• Lack of Education and Awareness:
    • Limited understanding of healthy relationship dynamics and rights, leading to acceptance or normalisation of abusive behaviour.
      • Ignorance about legal protections against domestic violence or available support services.
    • Many women lack awareness of their rights and accept their subordinate status, perpetuating a cycle of low self-esteem and subjugation.

What Legal Frameworks Address Domestic Violence in India?

Legal Framework Description
Protection of Women from Domestic Violence Act, 2005 (PWDVA)
  • Aims to protect women from domestic violence. Covers physical, emotional, sexual, and economic abuse. Provides various orders for protection, residence, and relief.
Indian Penal Code, 1860 (Section 498A)
  • Deals with cruelty by a husband or his relatives towards a woman. Criminalises acts of cruelty, harassment, or torture.
Indian Evidence Act, 1872
  • While not exclusively focused on domestic violence, this act provides rules for evidence in legal proceedings. Relevant in cases related to domestic violence.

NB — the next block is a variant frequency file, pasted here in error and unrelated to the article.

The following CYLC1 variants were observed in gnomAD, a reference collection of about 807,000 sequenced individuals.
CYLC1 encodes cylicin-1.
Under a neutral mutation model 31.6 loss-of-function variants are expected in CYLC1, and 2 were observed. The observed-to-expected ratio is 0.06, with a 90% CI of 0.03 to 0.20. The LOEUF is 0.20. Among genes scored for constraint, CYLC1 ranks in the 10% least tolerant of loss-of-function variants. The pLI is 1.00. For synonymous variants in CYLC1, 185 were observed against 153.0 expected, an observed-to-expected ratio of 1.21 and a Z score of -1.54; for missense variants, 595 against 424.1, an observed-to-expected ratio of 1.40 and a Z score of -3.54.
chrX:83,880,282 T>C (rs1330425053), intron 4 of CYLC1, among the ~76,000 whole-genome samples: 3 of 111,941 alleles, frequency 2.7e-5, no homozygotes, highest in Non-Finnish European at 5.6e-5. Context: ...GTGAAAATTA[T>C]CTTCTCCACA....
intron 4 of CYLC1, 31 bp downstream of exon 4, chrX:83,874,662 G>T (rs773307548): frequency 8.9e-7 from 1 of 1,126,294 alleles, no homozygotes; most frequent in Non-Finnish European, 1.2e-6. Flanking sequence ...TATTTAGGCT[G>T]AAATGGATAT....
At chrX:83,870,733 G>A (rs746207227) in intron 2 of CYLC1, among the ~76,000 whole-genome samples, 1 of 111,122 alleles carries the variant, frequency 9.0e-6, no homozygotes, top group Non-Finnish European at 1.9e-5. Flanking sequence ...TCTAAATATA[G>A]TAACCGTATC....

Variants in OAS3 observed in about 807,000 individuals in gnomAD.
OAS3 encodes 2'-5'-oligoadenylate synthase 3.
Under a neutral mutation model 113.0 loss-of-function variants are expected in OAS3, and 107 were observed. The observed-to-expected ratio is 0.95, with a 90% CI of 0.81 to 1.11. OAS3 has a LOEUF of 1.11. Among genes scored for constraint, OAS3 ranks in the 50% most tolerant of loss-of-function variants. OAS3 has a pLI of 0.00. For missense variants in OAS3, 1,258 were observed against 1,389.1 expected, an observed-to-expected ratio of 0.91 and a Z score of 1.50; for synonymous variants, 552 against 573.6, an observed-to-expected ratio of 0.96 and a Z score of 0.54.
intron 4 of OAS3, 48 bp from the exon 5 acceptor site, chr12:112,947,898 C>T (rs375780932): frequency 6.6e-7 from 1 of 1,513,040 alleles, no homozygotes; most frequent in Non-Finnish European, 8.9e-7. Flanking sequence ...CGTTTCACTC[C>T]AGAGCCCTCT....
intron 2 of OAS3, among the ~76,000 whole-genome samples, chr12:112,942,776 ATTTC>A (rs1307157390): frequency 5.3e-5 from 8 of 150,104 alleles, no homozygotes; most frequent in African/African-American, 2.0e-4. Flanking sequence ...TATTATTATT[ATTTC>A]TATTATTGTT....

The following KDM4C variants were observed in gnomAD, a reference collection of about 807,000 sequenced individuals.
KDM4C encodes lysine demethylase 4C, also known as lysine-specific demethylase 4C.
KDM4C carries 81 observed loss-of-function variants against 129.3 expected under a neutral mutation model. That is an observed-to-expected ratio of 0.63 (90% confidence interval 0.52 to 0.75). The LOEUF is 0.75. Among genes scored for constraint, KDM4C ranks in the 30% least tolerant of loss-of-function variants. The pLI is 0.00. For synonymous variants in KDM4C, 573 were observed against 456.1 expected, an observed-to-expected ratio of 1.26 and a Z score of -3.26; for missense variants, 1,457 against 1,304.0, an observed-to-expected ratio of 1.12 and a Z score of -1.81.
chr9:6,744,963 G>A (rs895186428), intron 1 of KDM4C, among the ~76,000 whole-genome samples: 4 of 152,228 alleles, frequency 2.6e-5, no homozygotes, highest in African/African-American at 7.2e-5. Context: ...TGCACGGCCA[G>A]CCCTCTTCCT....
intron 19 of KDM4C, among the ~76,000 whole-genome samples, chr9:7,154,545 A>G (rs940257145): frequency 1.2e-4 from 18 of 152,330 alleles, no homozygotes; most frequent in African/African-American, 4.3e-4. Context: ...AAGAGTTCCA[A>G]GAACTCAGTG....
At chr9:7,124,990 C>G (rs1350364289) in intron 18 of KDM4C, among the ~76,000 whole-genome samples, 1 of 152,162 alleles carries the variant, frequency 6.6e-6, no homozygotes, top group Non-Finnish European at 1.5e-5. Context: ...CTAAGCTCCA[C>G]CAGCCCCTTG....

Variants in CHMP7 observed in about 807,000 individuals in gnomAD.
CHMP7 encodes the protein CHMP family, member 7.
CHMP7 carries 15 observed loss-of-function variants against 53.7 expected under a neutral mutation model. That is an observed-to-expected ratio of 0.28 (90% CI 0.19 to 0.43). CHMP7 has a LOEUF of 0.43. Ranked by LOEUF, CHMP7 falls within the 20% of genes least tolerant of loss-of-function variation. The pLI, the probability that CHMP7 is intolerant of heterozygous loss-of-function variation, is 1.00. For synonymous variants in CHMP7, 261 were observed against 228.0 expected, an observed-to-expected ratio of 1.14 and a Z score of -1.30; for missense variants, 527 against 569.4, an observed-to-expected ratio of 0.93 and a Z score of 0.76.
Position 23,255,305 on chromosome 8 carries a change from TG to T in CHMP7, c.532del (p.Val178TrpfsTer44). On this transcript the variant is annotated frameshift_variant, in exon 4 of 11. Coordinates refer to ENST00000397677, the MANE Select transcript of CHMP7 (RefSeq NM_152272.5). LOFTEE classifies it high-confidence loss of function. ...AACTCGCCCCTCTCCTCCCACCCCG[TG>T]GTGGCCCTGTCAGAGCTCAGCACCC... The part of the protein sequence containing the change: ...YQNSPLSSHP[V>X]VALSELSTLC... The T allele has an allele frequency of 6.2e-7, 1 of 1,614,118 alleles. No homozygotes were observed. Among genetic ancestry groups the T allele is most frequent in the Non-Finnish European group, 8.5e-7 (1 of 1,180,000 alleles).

Dowry Prohibition Act, 1961
  • Addresses dowry-related offences. Makes giving or receiving dowry a crime.
Criminal Law (Amendment) Act, 2013 (Section 354A)
  • Amended the IPC to include new offenses related to sexual harassment. Relevant in cases of domestic violence.
Juvenile Justice (Care and Protection of Children) Act, 2015
  • Protects children’s rights and welfare. Relevant when children are victims of domestic violence.
National Commission for Women Act, 1990
  • Establishes the National Commission for Women (NCW) to safeguard women’s rights. NCW plays a role in addressing domestic violence.
The Prohibition of Child Marriage Act, 2006